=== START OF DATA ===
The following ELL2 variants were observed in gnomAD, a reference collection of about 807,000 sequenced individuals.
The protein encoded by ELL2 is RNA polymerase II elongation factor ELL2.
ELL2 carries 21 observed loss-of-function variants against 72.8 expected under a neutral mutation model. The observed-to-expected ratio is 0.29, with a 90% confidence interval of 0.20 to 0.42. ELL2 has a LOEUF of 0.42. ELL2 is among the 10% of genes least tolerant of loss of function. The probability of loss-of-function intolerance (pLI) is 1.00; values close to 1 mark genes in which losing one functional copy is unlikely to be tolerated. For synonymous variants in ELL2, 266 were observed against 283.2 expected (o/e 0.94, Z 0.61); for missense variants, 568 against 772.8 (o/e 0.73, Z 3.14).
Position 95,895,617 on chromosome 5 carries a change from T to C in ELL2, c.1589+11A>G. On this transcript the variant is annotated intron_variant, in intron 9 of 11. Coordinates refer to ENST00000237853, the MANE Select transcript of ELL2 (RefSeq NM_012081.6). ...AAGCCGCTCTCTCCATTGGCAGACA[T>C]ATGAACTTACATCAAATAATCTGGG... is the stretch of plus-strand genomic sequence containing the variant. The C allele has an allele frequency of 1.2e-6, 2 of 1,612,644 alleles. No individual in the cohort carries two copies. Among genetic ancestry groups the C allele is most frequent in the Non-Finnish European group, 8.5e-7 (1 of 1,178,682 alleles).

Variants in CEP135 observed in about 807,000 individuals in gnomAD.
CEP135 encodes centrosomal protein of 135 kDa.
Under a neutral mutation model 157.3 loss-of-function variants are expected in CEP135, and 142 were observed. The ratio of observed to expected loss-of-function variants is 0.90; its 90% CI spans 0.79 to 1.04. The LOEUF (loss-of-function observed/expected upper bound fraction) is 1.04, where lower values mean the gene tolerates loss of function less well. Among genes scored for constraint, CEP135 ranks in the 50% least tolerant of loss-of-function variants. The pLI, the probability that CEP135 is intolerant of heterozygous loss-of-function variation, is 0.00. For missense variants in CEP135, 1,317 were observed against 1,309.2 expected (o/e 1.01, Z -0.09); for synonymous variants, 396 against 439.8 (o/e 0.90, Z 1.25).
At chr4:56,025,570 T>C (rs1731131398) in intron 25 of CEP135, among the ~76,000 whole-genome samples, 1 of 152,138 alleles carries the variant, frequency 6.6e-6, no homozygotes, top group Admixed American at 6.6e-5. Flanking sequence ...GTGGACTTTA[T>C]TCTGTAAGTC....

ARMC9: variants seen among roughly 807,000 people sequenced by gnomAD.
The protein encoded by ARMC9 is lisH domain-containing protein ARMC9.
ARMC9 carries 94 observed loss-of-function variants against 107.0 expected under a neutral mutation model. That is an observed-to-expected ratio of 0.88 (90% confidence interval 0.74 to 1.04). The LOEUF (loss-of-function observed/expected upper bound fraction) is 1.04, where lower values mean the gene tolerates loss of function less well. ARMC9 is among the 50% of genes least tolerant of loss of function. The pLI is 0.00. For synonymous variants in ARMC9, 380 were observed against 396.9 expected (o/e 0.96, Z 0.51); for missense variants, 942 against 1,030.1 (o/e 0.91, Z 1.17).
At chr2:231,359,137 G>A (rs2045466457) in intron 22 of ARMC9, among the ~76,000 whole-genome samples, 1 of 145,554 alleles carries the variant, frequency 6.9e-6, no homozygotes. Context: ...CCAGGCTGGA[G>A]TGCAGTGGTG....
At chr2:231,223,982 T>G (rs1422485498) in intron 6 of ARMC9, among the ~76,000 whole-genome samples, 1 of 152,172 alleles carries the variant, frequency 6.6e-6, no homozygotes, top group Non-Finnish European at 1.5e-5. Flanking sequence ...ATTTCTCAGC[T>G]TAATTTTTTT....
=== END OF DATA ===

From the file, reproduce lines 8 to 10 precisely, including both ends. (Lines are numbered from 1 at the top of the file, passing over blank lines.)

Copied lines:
At chr4:56,025,570 T>C (rs1731131398) in intron 25 of CEP135, among the ~76,000 whole-genome samples, 1 of 152,138 alleles carries the variant, frequency 6.6e-6, no homozygotes, top group Admixed American at 6.6e-5. Flanking sequence ...GTGGACTTTA[T>C]TCTGTAAGTC....

ARMC9: variants seen among roughly 807,000 people sequenced by gnomAD.
The protein encoded by ARMC9 is lisH domain-containing protein ARMC9.